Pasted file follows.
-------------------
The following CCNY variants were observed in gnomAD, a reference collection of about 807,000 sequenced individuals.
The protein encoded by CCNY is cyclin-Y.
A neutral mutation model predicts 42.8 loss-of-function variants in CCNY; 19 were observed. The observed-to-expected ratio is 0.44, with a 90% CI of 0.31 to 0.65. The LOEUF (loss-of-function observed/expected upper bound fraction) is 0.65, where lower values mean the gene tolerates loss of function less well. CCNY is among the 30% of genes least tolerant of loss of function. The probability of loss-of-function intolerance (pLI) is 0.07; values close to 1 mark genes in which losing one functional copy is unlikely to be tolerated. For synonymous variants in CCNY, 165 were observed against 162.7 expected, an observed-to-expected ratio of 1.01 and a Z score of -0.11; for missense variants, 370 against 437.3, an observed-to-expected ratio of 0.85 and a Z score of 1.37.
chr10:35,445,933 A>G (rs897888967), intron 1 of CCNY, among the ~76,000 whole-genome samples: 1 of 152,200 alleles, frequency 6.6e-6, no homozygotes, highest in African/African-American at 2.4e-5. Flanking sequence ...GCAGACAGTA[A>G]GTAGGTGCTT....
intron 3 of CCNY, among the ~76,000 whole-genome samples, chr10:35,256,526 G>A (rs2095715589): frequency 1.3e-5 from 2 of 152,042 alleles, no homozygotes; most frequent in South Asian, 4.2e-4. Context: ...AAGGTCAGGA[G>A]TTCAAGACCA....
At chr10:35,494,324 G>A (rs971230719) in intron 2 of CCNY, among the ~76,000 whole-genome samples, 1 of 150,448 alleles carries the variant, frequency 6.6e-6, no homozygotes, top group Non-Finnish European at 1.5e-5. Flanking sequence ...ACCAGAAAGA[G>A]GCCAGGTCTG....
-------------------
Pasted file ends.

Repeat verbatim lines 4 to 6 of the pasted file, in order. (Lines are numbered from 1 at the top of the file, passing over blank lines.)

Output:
chr10:35,445,933 A>G (rs897888967), intron 1 of CCNY, among the ~76,000 whole-genome samples: 1 of 152,200 alleles, frequency 6.6e-6, no homozygotes, highest in African/African-American at 2.4e-5. Flanking sequence ...GCAGACAGTA[A>G]GTAGGTGCTT....
intron 3 of CCNY, among the ~76,000 whole-genome samples, chr10:35,256,526 G>A (rs2095715589): frequency 1.3e-5 from 2 of 152,042 alleles, no homozygotes; most frequent in South Asian, 4.2e-4. Context: ...AAGGTCAGGA[G>A]TTCAAGACCA....
At chr10:35,494,324 G>A (rs971230719) in intron 2 of CCNY, among the ~76,000 whole-genome samples, 1 of 150,448 alleles carries the variant, frequency 6.6e-6, no homozygotes, top group Non-Finnish European at 1.5e-5. Flanking sequence ...ACCAGAAAGA[G>A]GCCAGGTCTG....